Klein was at his most popular while he cut Alberta’s spending by 20% across the board. Despite the howls of the unions and the left still harping about it today, it really wasn’t that bad when the cuts were happening. There clearly was a great deal of bloat within the civil service and we were all better for the trimming of it. “Infrastructure deficit” is a bullshit term that some use to try and knock the austerity of those times. Again it is trash and most Albertans see through it. There will never be enough schools, interchanges, fire stations etc. We can always use more. Tax dollars are finite though and we have to draw a line somewhere. Klein’s support began dropping significantly as soon as he began falling into the tired old PC pattern of spending our way out of problems. Albertans appreciate fiscal restraint when it is presented with good leadership.

Image ht to Roy Doonanco

Brian Jean has chosen to avoid taking any strong stance on cuts and is pursuing the mushy middle. This is not my idea of strong leadership but I guess it is a strategy. I can’t help but remember Jean’s abysmal debate performance where he almost mindlessly answered every question by stating that he wont raise taxes. He literally sounded like some sort of broken record. I remember all too clearly sitting in a room full of volunteers on one of the campaigns. We had put up a projector screen and bought some beer and pizza to give our volunteers a night off. We hoped that they would be invigorated in watching the debates. We found ourselves dejected. That was the night that I truly began to realize that we were not going to win that election. Notley showed energy and vision, Prentice showed classic arrogance and Jean was inanimate. We are paying so dearly for the lack of principled leadership in that debate today.

Maybe Jean will show some more strength after the unity vote is finished with. Perhaps other candidates will spur some vigor out of him. Maybe Jean’s strategy of avoiding strong stands will actually pay off and he will win the leadership. I personally don’t think so.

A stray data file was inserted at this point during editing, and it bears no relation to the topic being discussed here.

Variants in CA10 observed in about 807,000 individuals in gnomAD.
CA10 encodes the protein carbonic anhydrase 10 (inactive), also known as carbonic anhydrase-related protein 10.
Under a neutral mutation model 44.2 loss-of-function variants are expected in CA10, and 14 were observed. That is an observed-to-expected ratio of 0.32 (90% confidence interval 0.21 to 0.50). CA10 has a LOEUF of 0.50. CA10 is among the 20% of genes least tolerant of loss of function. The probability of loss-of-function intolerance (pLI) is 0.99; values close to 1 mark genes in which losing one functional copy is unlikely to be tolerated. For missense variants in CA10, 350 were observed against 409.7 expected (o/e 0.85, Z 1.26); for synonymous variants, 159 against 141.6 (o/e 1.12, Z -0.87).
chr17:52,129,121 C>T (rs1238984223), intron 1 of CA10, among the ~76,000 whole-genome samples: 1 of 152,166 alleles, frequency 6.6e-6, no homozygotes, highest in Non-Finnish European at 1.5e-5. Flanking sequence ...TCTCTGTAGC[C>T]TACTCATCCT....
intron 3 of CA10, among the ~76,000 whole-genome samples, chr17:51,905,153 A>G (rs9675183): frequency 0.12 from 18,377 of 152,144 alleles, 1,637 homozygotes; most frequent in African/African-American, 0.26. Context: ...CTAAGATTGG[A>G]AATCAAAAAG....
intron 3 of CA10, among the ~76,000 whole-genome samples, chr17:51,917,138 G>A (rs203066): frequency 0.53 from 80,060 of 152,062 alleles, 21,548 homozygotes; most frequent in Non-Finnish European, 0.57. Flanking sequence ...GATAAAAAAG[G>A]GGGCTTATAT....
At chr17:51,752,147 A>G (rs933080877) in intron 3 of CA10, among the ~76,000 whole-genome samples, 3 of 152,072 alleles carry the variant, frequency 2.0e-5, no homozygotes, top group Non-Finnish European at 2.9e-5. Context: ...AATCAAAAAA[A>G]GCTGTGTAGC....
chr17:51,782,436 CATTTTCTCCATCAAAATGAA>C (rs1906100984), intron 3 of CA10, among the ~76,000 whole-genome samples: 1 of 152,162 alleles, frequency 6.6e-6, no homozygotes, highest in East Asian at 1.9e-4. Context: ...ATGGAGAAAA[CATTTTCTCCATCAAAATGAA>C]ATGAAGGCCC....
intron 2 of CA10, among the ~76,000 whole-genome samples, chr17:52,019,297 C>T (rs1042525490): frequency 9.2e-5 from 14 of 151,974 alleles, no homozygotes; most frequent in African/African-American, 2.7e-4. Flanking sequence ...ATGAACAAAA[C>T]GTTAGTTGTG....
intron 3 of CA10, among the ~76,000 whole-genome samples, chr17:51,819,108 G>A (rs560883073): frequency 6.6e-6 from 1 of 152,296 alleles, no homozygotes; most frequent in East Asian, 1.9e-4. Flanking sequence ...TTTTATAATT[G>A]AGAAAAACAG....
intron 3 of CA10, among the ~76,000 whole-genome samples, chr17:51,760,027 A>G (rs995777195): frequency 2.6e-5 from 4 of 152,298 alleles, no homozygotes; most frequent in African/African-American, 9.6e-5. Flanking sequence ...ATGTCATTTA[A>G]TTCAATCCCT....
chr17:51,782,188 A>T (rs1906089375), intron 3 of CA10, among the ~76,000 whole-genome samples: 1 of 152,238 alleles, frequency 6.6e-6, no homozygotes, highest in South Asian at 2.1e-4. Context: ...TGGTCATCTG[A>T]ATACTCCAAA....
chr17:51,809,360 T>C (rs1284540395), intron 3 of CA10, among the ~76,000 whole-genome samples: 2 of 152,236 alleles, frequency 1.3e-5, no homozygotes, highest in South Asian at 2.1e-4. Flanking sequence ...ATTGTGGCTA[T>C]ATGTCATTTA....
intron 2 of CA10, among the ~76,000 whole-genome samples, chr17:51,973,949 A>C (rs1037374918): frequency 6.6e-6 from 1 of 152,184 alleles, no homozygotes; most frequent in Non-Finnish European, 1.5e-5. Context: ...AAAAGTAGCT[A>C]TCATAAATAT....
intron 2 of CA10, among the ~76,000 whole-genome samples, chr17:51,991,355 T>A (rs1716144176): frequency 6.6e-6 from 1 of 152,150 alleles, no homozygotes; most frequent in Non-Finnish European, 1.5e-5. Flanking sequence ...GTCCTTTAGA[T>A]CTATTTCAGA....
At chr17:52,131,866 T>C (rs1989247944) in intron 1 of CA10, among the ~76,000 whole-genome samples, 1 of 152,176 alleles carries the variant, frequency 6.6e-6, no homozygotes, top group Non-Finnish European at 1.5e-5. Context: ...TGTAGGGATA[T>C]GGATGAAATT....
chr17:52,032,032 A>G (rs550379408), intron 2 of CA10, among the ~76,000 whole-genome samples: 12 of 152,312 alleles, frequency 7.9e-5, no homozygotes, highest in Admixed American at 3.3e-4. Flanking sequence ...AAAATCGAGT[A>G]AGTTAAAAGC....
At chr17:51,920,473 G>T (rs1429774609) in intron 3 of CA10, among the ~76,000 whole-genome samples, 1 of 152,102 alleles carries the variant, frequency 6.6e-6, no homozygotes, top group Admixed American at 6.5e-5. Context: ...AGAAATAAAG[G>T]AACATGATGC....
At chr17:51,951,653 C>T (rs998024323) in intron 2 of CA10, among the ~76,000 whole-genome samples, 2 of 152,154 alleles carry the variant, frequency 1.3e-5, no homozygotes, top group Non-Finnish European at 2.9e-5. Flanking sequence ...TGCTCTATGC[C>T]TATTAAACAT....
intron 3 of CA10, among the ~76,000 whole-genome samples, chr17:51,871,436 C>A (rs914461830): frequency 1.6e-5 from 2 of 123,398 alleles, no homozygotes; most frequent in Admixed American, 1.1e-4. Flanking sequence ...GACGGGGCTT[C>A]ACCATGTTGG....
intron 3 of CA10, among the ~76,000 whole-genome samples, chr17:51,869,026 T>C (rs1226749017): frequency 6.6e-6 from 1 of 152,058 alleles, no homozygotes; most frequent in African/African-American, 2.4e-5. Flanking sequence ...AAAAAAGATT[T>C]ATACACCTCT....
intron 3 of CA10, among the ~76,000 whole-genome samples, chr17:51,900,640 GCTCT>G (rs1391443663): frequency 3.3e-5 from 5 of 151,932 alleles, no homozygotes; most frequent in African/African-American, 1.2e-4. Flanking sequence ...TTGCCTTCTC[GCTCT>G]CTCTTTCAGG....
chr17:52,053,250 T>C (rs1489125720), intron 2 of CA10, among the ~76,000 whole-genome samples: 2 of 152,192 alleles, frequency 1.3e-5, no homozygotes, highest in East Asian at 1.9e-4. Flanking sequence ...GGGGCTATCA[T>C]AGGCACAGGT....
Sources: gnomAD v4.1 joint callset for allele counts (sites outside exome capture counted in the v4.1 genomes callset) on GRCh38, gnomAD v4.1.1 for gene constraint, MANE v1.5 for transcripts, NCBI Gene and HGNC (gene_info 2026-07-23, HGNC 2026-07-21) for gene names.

Assuming a successful unity vote, the leadership race will very likely be determining who our next premier will be.

It will take vision, leadership and a true plan with policy specifics in order to win that leadership.

I do look forward to seeing who emerges from the pack with the above qualities as the race unfolds. We need some real policy discussion and we need it soon.

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Health care “premiums” are a tax. Say it like it is.

To say that the Redford government is up the fiscal creek is an incredible understatement. The Redford led Progressive Conservative Party of Alberta won the 2012 election on a platform of false revenue projections and completely unsustainable spending promises that can only be called outright lies. Fiscal reality has come home to roost and Alberta is now facing a catastrophically large budgetary deficit.

Like rats from a sinking ship, Alison Redford’s communications staff are bailing out as they know that participating in the festival of lies demanded to try and polish Redford’s turd of a budget will only destroy any future hopes of work within the field of communications. The lack of communications strength was quite clear and visible in Alison Redford’s bizarre address to Albertans where she spit out blame and excuses for the disaster of her own making while really saying nothing else of merit. Even the Alison Redford’s twitter account appears to have been assigned to somebody with the communications skills of a six year old as petulant tweets attacking radio hosts are sent out.

Now that is has been pretty clearly established that Redford has reduced her communications staff to one of the most expensive yet simplistic groups in the nation, we can speculate on where they plan to go to try and dig their administration out of this embarrassing hole.

Redford has now claimed that she will not raise taxes despite the gargantuan deficit that she created. This leaves her in something of a quandary. A simplistic way to get around this of course is to label a tax something else. That is exactly what happens when we hear speech on health care “premiums” and predictably we are hearing rumblings that the health care tax may be reinstated.